• John Pieret

    Michael Heath:

    I understand and generally agree with your objections but here, really, the question is staffing within the clerk’s office. Generally speaking, a clerk is free to assign duties to the office staff as he or she deems fit. Some might handle only marriage licenses and others only building permits. The reasonable accommodation argument is the other side of that coin. If there is a way to handle all the work of the office that does not infringe on an employee’s religious belief, it may be required to do so.

    Of course, the clerk is still required to process SSM licenses on the same basis as opposite sex licenses are processed … no special days for SSMs, no appointments required and if none of the clerks without a religious objection are available and only the one who objects can process it, she will have to suck it up and do it or be subject to dismissal.

  • Saad

    John Pieret,

    That won’t work in practice. It’ll end up creating Separate But Equal moments.

  • whheydt

    Re: John Pieret @ #5…

    I suspect that some of the argument is going to come down to the size of the office. If there are only one or two clerks in the office (certainly possible, or even likely, in a small county), there won’t be a way to handle to work in a way that accommodates the foibles of a particular clerk, meaning—under the point you make–that the clerk in question will have to “suck it up” as there is no alternative short of quitting or being fired.

    In a (relatively) large office, reassignment to a job that doesn’t require issuing marriage licenses is more likely to be possible, but even there, such a reassignment may feel like a bit of a demotion and generate objections, though such objections are probably easier to overcome legally.

  • whheydt

    Re: Saad @ #6…

    I think that is Mr. Pieret’s point. SSM licenses have to processed on the same basis–no delays, no special times, no “I’m sorry we don’t have a clerk that can handle that right now” when clerks are obviously available–as any other marriage license. Where I think this (and your point) would be a problem is a *small* office. The extra complication here is that there is likely to be a correlation between small (that is, low population) counties and rural, religiously conservative counties.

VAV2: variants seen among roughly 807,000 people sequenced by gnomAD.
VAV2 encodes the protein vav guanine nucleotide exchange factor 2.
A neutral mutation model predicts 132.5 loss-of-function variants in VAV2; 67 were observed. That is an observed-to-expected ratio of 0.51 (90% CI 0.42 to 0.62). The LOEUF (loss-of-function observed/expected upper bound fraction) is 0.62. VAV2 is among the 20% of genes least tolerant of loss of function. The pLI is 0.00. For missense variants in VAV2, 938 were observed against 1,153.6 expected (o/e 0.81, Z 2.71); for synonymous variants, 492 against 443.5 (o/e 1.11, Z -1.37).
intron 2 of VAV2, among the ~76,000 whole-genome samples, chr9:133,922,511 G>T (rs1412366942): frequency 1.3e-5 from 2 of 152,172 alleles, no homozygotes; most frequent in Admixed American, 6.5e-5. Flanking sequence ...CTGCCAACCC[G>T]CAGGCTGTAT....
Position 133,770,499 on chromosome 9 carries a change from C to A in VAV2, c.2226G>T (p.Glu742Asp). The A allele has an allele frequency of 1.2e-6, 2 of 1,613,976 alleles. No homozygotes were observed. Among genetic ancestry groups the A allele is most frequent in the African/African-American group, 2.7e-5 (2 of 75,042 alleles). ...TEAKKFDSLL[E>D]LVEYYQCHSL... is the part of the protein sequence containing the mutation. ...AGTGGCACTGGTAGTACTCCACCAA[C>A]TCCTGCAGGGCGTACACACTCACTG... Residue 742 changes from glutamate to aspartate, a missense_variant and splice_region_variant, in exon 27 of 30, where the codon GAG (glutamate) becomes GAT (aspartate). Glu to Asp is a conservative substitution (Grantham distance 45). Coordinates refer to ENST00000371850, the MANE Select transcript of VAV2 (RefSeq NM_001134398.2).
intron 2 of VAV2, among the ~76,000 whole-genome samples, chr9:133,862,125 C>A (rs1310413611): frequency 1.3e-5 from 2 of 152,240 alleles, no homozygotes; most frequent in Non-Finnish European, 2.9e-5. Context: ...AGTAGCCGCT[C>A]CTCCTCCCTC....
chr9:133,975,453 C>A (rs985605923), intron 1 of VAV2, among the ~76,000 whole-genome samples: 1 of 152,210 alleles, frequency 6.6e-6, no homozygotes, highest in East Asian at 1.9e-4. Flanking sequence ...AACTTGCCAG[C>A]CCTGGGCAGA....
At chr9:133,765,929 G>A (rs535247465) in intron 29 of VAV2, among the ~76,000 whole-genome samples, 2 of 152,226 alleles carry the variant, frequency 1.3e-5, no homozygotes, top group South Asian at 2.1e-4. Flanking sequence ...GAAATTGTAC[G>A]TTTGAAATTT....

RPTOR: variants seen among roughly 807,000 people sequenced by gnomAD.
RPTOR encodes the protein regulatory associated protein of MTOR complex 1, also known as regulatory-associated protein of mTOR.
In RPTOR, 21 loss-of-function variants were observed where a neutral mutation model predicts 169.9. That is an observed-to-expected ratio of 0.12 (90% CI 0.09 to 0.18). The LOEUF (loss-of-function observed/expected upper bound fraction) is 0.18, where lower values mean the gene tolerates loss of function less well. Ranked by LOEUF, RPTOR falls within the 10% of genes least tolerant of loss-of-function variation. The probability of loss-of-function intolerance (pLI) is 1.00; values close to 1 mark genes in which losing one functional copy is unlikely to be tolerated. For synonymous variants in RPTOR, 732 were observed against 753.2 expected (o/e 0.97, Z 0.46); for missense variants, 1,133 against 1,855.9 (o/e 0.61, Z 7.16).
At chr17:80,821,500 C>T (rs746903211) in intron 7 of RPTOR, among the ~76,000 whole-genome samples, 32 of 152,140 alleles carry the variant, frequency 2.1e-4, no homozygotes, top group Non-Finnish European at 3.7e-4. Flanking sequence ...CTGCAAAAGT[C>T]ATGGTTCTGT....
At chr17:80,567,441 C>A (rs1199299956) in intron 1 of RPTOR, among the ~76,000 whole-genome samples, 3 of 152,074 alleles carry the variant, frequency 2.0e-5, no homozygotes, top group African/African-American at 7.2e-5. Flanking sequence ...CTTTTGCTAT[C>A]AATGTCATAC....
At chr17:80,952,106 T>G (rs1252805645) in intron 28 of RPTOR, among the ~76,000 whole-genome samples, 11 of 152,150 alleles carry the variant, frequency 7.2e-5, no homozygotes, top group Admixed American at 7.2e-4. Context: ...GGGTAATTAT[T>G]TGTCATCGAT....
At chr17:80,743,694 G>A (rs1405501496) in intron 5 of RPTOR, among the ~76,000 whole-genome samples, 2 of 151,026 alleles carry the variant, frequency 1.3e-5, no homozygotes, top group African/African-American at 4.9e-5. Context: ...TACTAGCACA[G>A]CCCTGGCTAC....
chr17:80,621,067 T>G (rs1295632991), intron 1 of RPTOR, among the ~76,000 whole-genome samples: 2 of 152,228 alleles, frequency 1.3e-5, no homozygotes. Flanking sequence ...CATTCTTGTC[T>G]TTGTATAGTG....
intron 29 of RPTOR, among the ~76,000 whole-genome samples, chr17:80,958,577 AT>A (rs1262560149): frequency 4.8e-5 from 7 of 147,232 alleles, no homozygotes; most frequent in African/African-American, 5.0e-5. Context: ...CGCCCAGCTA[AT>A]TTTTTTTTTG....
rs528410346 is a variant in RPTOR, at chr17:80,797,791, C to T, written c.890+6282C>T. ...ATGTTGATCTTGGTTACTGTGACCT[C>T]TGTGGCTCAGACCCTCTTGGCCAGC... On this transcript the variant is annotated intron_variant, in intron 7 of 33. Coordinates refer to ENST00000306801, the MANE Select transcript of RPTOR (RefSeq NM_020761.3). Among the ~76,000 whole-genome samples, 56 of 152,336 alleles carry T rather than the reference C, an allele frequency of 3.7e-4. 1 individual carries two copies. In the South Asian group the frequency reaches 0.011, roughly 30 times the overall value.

What I foresee is big fights in relatively conservative states with a few decent sized cities and the rural “you can’t *make* us” counties. It’s Loving v. Virginia all over again. As I understand it, there are *still*–or in the very recent past–places (e.g. rural Alabama) where inter-racial couples may have difficulty getting married. Expect to see foot dragging on SSM for several decades to come in various backwaters.

  • Saad

    whheydt, #8

    Oops, you’re right.

    John Pieret, sorry, poor reading comprehension on my part there. You’d think this would have clued me in:

    Her argument is that…

  • cptdoom

    @1 Eric – that was my thought as well, and having had to terminate employees in the past I know you have to have a lot of back up and prove you’ve followed other avenues of discipline. Either there was more to this specific instance, or this employee has a history of not wanting to do their job.

  • John Pieret

    Saad:

    No problem. We lawyers are used to being misunderstood. 😉

    whheydt:

    some of the argument is going to come down to the size of the office. If there are only one or two clerks in the office

    Her complaint says that there were two other clerks in the office willing to do SSM licenses, so that may, indeed, be the basis of the clerk’s defense in this suit. Assuming, at a guess, that is all the clerks available, the clerk may argue that, what with sick days, vacations and the press of other work, it might be an undue hardship to have a third of the clerks unwilling to perform a particular function.

  • Randomfactor

    It is her boss’ deeply-held religious belief that he not be forced to employ persons who refuse to do their jobs. 1Peter 2:18.

  • John Hinkle

    I’m sure the other clerks in the office won’t mind doing her job for her. They probably won’t harbor any resentment either. In fact, they’d be more than happy to cut short their break and do her paperwork.

  • Saad

    John Hinkle, #13

    Well, that’s just the price they’ll have to pay for her superstitions!

  • Moon Jaguar

    Is this really more complicated than requiring every employee to fulfill the written job description they agreed to fulfill as a condition of employment? End of story?

  • http://www.facebook.com/profile.php?id=100000263140906 Donovan

    I wish I was the clerk receiving her case. “I’m sorry, but it’s against my sincerely held religious beliefs to file motions for bigots. Please arrange to have your case heard by another federal government.”

  • Saad

    Moon Jaguar, #15

    Is this really more complicated than requiring every employee to fulfill the written job description they agreed to fulfill as a condition of employment?

    It’s not really, but if aspects of your lifestyle, no matter how insignificant, can be shown to be rooted in sufficiently popular superstitions then you get special considerations in great secular societies over those who may make the same exact objections but without appeal to mythologies.